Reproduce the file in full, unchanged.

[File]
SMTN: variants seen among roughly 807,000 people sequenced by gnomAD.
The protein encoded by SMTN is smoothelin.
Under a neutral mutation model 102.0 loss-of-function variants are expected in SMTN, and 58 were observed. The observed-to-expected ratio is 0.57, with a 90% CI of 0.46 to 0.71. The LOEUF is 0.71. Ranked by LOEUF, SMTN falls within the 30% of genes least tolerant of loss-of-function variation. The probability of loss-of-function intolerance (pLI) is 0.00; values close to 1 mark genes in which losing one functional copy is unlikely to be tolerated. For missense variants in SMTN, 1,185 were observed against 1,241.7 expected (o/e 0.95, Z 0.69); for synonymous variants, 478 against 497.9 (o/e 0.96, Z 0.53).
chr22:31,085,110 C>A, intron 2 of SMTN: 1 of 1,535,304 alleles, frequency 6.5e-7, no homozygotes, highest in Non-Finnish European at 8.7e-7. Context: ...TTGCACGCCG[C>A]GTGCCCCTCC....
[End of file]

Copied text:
SMTN: variants seen among roughly 807,000 people sequenced by gnomAD.
The protein encoded by SMTN is smoothelin.
Under a neutral mutation model 102.0 loss-of-function variants are expected in SMTN, and 58 were observed. The observed-to-expected ratio is 0.57, with a 90% CI of 0.46 to 0.71. The LOEUF is 0.71. Ranked by LOEUF, SMTN falls within the 30% of genes least tolerant of loss-of-function variation. The probability of loss-of-function intolerance (pLI) is 0.00; values close to 1 mark genes in which losing one functional copy is unlikely to be tolerated. For missense variants in SMTN, 1,185 were observed against 1,241.7 expected (o/e 0.95, Z 0.69); for synonymous variants, 478 against 497.9 (o/e 0.96, Z 0.53).
chr22:31,085,110 C>A, intron 2 of SMTN: 1 of 1,535,304 alleles, frequency 6.5e-7, no homozygotes, highest in Non-Finnish European at 8.7e-7. Context: ...TTGCACGCCG[C>A]GTGCCCCTCC....